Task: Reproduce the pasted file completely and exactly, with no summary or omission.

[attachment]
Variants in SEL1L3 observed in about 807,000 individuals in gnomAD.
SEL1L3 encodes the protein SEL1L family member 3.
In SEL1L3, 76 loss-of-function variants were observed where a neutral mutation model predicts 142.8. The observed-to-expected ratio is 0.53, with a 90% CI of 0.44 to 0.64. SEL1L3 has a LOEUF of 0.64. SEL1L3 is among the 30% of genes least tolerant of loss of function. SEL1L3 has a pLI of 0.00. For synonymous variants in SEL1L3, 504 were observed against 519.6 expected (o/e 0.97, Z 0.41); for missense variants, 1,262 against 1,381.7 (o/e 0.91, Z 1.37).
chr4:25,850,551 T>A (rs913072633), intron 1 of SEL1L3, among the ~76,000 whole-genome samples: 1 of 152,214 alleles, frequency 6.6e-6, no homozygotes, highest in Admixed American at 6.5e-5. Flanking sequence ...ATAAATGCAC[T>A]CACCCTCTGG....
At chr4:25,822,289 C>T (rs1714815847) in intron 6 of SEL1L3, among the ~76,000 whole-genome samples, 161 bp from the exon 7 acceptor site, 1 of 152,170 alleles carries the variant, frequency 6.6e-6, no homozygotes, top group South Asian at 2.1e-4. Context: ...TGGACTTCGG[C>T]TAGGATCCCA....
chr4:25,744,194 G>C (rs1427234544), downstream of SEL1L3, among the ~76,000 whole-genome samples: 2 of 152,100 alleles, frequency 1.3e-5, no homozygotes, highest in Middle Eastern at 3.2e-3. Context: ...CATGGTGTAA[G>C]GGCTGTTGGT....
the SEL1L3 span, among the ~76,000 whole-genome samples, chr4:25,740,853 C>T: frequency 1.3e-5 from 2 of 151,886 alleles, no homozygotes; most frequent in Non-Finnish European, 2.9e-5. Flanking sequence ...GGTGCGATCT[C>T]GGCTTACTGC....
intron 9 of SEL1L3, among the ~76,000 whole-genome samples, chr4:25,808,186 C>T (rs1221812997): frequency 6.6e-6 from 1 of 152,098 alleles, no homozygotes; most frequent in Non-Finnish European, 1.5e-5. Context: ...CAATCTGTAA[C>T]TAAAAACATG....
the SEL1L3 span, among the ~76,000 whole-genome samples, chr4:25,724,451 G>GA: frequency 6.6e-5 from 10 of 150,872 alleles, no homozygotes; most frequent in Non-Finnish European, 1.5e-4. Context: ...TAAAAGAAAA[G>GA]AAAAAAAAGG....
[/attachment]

Variants in SEL1L3 observed in about 807,000 individuals in gnomAD.
SEL1L3 encodes the protein SEL1L family member 3.
In SEL1L3, 76 loss-of-function variants were observed where a neutral mutation model predicts 142.8. The observed-to-expected ratio is 0.53, with a 90% CI of 0.44 to 0.64. SEL1L3 has a LOEUF of 0.64. SEL1L3 is among the 30% of genes least tolerant of loss of function. SEL1L3 has a pLI of 0.00. For synonymous variants in SEL1L3, 504 were observed against 519.6 expected (o/e 0.97, Z 0.41); for missense variants, 1,262 against 1,381.7 (o/e 0.91, Z 1.37).
chr4:25,850,551 T>A (rs913072633), intron 1 of SEL1L3, among the ~76,000 whole-genome samples: 1 of 152,214 alleles, frequency 6.6e-6, no homozygotes, highest in Admixed American at 6.5e-5. Flanking sequence ...ATAAATGCAC[T>A]CACCCTCTGG....
At chr4:25,822,289 C>T (rs1714815847) in intron 6 of SEL1L3, among the ~76,000 whole-genome samples, 161 bp from the exon 7 acceptor site, 1 of 152,170 alleles carries the variant, frequency 6.6e-6, no homozygotes, top group South Asian at 2.1e-4. Context: ...TGGACTTCGG[C>T]TAGGATCCCA....
chr4:25,744,194 G>C (rs1427234544), downstream of SEL1L3, among the ~76,000 whole-genome samples: 2 of 152,100 alleles, frequency 1.3e-5, no homozygotes, highest in Middle Eastern at 3.2e-3. Context: ...CATGGTGTAA[G>C]GGCTGTTGGT....
the SEL1L3 span, among the ~76,000 whole-genome samples, chr4:25,740,853 C>T: frequency 1.3e-5 from 2 of 151,886 alleles, no homozygotes; most frequent in Non-Finnish European, 2.9e-5. Flanking sequence ...GGTGCGATCT[C>T]GGCTTACTGC....
intron 9 of SEL1L3, among the ~76,000 whole-genome samples, chr4:25,808,186 C>T (rs1221812997): frequency 6.6e-6 from 1 of 152,098 alleles, no homozygotes; most frequent in Non-Finnish European, 1.5e-5. Context: ...CAATCTGTAA[C>T]TAAAAACATG....
the SEL1L3 span, among the ~76,000 whole-genome samples, chr4:25,724,451 G>GA: frequency 6.6e-5 from 10 of 150,872 alleles, no homozygotes; most frequent in Non-Finnish European, 1.5e-4. Context: ...TAAAAGAAAA[G>GA]AAAAAAAAGG....